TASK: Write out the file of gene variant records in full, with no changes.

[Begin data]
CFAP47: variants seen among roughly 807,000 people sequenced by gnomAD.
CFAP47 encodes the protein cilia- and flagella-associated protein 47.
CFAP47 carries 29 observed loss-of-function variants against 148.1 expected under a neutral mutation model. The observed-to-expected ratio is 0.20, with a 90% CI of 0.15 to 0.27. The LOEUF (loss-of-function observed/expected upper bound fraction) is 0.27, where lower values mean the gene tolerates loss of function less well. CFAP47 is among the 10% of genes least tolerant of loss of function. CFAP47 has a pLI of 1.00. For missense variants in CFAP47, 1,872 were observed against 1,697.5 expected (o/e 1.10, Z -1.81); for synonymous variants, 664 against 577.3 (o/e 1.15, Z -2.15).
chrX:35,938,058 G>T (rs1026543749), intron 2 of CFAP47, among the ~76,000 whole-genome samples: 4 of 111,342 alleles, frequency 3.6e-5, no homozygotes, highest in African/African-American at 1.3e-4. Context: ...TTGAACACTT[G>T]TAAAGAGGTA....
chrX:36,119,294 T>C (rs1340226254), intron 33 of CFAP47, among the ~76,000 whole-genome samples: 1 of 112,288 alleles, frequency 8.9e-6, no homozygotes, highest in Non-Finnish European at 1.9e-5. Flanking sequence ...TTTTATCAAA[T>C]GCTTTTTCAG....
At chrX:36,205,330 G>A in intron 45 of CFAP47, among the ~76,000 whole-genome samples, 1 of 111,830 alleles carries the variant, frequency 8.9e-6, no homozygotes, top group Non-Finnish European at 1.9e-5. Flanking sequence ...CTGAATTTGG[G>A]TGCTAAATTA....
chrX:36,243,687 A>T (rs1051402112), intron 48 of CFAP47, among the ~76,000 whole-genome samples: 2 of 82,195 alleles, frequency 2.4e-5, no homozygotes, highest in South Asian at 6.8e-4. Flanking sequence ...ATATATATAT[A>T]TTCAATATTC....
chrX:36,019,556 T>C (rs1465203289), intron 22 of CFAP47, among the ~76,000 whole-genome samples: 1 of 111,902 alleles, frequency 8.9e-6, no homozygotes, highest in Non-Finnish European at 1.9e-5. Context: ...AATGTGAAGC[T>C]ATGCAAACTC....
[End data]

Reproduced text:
CFAP47: variants seen among roughly 807,000 people sequenced by gnomAD.
CFAP47 encodes the protein cilia- and flagella-associated protein 47.
CFAP47 carries 29 observed loss-of-function variants against 148.1 expected under a neutral mutation model. The observed-to-expected ratio is 0.20, with a 90% CI of 0.15 to 0.27. The LOEUF (loss-of-function observed/expected upper bound fraction) is 0.27, where lower values mean the gene tolerates loss of function less well. CFAP47 is among the 10% of genes least tolerant of loss of function. CFAP47 has a pLI of 1.00. For missense variants in CFAP47, 1,872 were observed against 1,697.5 expected (o/e 1.10, Z -1.81); for synonymous variants, 664 against 577.3 (o/e 1.15, Z -2.15).
chrX:35,938,058 G>T (rs1026543749), intron 2 of CFAP47, among the ~76,000 whole-genome samples: 4 of 111,342 alleles, frequency 3.6e-5, no homozygotes, highest in African/African-American at 1.3e-4. Context: ...TTGAACACTT[G>T]TAAAGAGGTA....
chrX:36,119,294 T>C (rs1340226254), intron 33 of CFAP47, among the ~76,000 whole-genome samples: 1 of 112,288 alleles, frequency 8.9e-6, no homozygotes, highest in Non-Finnish European at 1.9e-5. Flanking sequence ...TTTTATCAAA[T>C]GCTTTTTCAG....
At chrX:36,205,330 G>A in intron 45 of CFAP47, among the ~76,000 whole-genome samples, 1 of 111,830 alleles carries the variant, frequency 8.9e-6, no homozygotes, top group Non-Finnish European at 1.9e-5. Flanking sequence ...CTGAATTTGG[G>A]TGCTAAATTA....
chrX:36,243,687 A>T (rs1051402112), intron 48 of CFAP47, among the ~76,000 whole-genome samples: 2 of 82,195 alleles, frequency 2.4e-5, no homozygotes, highest in South Asian at 6.8e-4. Flanking sequence ...ATATATATAT[A>T]TTCAATATTC....
chrX:36,019,556 T>C (rs1465203289), intron 22 of CFAP47, among the ~76,000 whole-genome samples: 1 of 111,902 alleles, frequency 8.9e-6, no homozygotes, highest in Non-Finnish European at 1.9e-5. Context: ...AATGTGAAGC[T>C]ATGCAAACTC....